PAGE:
The ancient city has been under water for centuries

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The ancient city has been under water for centuries

Baiae is an ancient Roman city located northwest of Naples. What sets it apart from other ancient Roman cities is that it hosted many emperors, including Julius Caesar. Submerged in volcanic vents, the city was found in 1940 by Raimondo Boucher, a pilot in the Italian Air Force. Let’s explore the ancient Roman ruins in and around the sunken city of Baiae, which was once the favorite city of Rome’s most eminent people!

History of the sunken city of Baia

The first settlement in Baiae dates back to BC. Although it coincides with the second century BC, the city gained its real fame during the reign of Emperor Augustus. While Augustus connected all the luxury villas in the area with a road, the houses were also furnished with large thermal baths. Augustus Nero’s successors Hadrian and Alexander Severus also continued to expand and develop Baia, having built large villas and leisure centers over the years.

As can be understood from here, Baia has become a city where the privileged inhabitants of Rome live and throw unlimited parties. Perched atop natural volcanic vents, the town has been particularly known for its curative hot springs. It is known that the most famous figures of antiquity such as Nero, Cicero and Caesar visited Baia frequently, and many of them built summer villas there.

Known as ancient Roman Las Vegas and also known as “Caesar’s City,” this enchanted life in Baia ended with the sacking of the city in the eighth century. By 1500, the city was gradually abandoned because it was too prone to volcanic eruptions and because of an epidemic of malaria. Soon after they were abandoned, the water level slowly rose due to volcanic vents and the Baiae disappeared into the shallow waters of the bay.

The Italian pilot first noticed the sunken city while flying at low altitude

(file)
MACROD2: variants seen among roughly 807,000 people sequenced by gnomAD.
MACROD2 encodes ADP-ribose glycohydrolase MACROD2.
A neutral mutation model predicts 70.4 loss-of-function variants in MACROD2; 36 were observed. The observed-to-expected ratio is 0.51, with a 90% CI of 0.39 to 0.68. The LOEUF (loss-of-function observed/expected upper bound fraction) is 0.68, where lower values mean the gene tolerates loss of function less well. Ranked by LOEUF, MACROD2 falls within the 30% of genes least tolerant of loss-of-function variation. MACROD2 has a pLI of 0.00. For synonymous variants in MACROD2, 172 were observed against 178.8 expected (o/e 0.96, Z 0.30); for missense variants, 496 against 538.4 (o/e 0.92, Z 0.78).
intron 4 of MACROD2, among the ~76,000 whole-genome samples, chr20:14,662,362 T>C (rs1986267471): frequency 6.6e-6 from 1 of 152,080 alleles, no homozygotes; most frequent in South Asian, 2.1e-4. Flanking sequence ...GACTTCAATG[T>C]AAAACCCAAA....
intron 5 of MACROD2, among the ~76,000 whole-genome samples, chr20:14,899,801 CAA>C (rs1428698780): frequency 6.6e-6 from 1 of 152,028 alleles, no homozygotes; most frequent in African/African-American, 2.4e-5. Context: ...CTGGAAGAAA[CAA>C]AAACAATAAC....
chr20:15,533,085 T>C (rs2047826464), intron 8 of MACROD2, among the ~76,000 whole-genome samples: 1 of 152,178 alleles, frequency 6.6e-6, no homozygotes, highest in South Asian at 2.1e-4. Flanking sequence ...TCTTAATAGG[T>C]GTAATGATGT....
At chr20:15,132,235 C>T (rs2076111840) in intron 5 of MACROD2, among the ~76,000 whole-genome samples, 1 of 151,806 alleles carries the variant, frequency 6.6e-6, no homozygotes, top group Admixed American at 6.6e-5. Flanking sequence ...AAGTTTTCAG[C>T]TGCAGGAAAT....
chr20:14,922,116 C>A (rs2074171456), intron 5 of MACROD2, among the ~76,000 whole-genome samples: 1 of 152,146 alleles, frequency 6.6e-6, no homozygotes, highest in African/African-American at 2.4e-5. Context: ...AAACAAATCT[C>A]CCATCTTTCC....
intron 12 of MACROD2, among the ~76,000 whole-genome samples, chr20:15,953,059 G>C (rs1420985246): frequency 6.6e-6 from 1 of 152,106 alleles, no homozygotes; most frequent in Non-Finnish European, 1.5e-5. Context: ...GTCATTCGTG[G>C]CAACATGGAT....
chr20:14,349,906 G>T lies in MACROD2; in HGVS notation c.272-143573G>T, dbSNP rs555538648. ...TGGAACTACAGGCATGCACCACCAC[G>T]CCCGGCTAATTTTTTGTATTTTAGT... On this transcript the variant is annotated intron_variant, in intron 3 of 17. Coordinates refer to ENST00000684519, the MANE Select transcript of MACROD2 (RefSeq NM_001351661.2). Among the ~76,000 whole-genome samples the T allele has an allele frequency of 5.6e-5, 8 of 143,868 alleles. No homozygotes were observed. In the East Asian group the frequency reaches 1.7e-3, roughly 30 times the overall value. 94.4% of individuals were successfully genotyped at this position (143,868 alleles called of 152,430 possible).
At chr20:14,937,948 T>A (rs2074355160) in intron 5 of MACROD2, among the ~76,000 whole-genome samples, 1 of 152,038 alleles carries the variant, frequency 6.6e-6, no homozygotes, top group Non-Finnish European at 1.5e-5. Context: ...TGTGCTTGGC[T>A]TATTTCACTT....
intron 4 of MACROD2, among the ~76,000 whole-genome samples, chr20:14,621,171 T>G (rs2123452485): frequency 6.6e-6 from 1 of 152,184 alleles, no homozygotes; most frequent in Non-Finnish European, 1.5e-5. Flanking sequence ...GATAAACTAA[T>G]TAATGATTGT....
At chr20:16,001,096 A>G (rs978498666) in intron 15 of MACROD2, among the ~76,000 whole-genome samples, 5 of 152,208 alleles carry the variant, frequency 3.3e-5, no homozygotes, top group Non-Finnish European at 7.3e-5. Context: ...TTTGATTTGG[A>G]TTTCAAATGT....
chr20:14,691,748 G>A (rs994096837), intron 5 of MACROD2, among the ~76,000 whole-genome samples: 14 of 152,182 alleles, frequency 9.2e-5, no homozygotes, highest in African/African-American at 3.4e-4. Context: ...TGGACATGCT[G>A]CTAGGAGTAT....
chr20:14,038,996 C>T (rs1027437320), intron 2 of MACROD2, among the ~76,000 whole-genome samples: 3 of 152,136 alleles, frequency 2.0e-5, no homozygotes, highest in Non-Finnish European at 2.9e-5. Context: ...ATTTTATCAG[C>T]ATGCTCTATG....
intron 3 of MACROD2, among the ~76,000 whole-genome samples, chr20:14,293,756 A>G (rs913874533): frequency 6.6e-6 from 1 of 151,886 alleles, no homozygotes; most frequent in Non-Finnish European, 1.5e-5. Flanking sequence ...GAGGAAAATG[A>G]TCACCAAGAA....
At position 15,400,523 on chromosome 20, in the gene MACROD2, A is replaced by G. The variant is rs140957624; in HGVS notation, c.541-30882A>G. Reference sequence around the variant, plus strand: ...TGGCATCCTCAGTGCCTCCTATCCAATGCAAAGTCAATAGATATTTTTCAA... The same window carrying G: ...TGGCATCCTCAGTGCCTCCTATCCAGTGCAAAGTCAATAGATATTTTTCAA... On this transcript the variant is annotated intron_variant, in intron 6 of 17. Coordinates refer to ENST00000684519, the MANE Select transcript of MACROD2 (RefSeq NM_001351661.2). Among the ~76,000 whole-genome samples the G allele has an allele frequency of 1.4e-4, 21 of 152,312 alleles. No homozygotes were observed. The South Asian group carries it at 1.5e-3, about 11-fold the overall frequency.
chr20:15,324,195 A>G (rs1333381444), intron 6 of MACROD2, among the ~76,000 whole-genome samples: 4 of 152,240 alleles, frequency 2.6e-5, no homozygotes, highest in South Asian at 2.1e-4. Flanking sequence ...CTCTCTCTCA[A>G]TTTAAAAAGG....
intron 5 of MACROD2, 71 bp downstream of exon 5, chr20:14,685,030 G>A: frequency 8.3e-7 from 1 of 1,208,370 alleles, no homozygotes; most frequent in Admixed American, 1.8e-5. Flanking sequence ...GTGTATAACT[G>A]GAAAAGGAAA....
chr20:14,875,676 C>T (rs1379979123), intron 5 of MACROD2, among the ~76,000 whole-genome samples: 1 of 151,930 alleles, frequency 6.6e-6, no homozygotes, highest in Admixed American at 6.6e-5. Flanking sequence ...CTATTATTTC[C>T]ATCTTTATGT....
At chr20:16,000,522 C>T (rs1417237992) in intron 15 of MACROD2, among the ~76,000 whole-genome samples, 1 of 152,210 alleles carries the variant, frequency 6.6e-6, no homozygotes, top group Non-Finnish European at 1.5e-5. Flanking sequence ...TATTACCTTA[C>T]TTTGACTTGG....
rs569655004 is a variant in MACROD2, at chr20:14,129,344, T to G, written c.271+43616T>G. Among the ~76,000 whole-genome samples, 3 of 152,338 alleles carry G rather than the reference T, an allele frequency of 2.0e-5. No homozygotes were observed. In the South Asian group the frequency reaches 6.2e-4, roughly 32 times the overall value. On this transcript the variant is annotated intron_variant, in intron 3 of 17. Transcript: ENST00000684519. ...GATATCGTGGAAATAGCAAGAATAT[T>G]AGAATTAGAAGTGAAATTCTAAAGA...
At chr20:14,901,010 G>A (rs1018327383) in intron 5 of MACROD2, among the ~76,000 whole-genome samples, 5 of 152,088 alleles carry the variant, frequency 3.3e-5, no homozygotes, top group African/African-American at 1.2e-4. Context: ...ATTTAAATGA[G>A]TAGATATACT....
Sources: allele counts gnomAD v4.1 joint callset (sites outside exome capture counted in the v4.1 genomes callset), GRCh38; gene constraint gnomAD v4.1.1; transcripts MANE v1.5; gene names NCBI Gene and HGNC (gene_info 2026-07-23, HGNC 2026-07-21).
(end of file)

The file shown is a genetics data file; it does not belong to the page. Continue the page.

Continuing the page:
Ancient Roman ruins are occasionally found in the area during the 19th century. In the 1920s, the discovery of marble statues while carrying out a dredging operation off Pozzuoli caught the attention of the Italian leader at the time, Benito Mussolini, and he wanted to evacuate the area. The real discovery of the city took place in 1940. While flying low over the port of Portos Julius, Italian Air Force pilot Raimondo Bauchet spotted Baia, which he described as a “strange ghost town”.

Aerial photographs by Boucher, who was also an editor, showed Baia with exceptional clarity. The fact that the water was 1.5 meters deep and that the sea was crystal clear that day revealed a world that had been unknown until then.

Excavations in and around the sunken city of Baia first began in 1959, but the main work was done in the early 1980s. During this work, the Nymphaeum was found, a room filled with marble statues, built by Emperor Claudius. Archaeologists have discovered dozens of historical artifacts since then.

Baths, fountains, luxury homes, mosaics and statues are just a few of them, however, there is a very valuable inscription among the artifacts found, namely L Pisonis. Although Piso believes this is how he will become emperor, Nero cancels his visit to Baiae because he learns of the assassination plot.

Baiae has become an important tourist destination today after archaeological excavations

Located in the Gulf of Naples, Baiae has become an important tourist center today after archaeological excavations. Every year thousands of tourists visit the area to see the sunken city of Baia. Tours take place at sea using glass-bottom boats, and the magical underwater city can be explored with diving operators.

Some visitors notice the sunken city by snorkeling. During these tours, it is possible to view the villas, baths, mosaics, sculptures, and many other works of distinguished Roman families. Although the walls of some buildings have collapsed, the rooms can still be distinguished. The mosaic floors in many of the rooms are still intact.

Places to visit around the sunken city of Baiae

Besides the underwater archaeological park at Baiae, there are many more Roman ruins for you to visit. The most common of these are:

Mercury Temple

The sunken city of Bayai

The Temple of Mercury had the largest dome in the world at 21.5 meters until the Pantheon was built. The temple, which has the oldest known concrete dome, dates back to BC. It was built in the first century, using tuff blocks.

Diana Temple

The sunken city of Bayai

The Temple of Diana, which has a collapsed half-giant dome today, was used for thermal baths in ancient Roman times. The walls of the temple are decorated with friezes depicting hunting scenes.

Temple of Venus

The sunken city of Bayai

Temple of Venus, BC. It was built in 46 BC by Julius Caesar for the Roman goddess Venus. The building, badly damaged in a fire in AD 80, was rebuilt by Domitian, and restored by Trajan in AD 113. Its three existing columns contain parts from the recent restoration.

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